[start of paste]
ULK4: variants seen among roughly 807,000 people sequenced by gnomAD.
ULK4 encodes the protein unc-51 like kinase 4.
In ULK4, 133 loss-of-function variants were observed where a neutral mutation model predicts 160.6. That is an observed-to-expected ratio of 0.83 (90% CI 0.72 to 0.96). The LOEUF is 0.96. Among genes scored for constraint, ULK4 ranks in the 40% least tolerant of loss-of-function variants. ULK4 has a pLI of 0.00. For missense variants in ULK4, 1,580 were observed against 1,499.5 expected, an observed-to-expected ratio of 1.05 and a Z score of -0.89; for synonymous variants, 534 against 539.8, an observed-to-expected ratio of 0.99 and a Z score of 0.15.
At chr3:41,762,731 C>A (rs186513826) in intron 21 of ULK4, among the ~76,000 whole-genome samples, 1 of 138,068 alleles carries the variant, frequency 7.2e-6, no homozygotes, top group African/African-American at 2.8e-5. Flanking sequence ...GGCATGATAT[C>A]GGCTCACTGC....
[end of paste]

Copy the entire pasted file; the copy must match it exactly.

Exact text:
ULK4: variants seen among roughly 807,000 people sequenced by gnomAD.
ULK4 encodes the protein unc-51 like kinase 4.
In ULK4, 133 loss-of-function variants were observed where a neutral mutation model predicts 160.6. That is an observed-to-expected ratio of 0.83 (90% CI 0.72 to 0.96). The LOEUF is 0.96. Among genes scored for constraint, ULK4 ranks in the 40% least tolerant of loss-of-function variants. ULK4 has a pLI of 0.00. For missense variants in ULK4, 1,580 were observed against 1,499.5 expected, an observed-to-expected ratio of 1.05 and a Z score of -0.89; for synonymous variants, 534 against 539.8, an observed-to-expected ratio of 0.99 and a Z score of 0.15.
At chr3:41,762,731 C>A (rs186513826) in intron 21 of ULK4, among the ~76,000 whole-genome samples, 1 of 138,068 alleles carries the variant, frequency 7.2e-6, no homozygotes, top group African/African-American at 2.8e-5. Flanking sequence ...GGCATGATAT[C>A]GGCTCACTGC....